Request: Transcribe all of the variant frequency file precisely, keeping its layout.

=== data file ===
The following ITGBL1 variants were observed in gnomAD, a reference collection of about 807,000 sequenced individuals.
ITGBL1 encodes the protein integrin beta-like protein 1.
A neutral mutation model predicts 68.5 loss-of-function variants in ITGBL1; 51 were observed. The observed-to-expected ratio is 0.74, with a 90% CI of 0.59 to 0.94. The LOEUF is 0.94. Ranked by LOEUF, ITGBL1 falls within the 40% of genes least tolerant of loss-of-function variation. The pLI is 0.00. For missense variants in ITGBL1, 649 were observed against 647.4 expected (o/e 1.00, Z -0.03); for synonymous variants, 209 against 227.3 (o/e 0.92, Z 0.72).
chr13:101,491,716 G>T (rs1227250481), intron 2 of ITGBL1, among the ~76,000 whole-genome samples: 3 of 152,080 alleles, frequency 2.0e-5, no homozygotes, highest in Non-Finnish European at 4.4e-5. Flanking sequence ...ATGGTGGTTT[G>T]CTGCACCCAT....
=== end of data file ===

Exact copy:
The following ITGBL1 variants were observed in gnomAD, a reference collection of about 807,000 sequenced individuals.
ITGBL1 encodes the protein integrin beta-like protein 1.
A neutral mutation model predicts 68.5 loss-of-function variants in ITGBL1; 51 were observed. The observed-to-expected ratio is 0.74, with a 90% CI of 0.59 to 0.94. The LOEUF is 0.94. Ranked by LOEUF, ITGBL1 falls within the 40% of genes least tolerant of loss-of-function variation. The pLI is 0.00. For missense variants in ITGBL1, 649 were observed against 647.4 expected (o/e 1.00, Z -0.03); for synonymous variants, 209 against 227.3 (o/e 0.92, Z 0.72).
chr13:101,491,716 G>T (rs1227250481), intron 2 of ITGBL1, among the ~76,000 whole-genome samples: 3 of 152,080 alleles, frequency 2.0e-5, no homozygotes, highest in Non-Finnish European at 4.4e-5. Flanking sequence ...ATGGTGGTTT[G>T]CTGCACCCAT....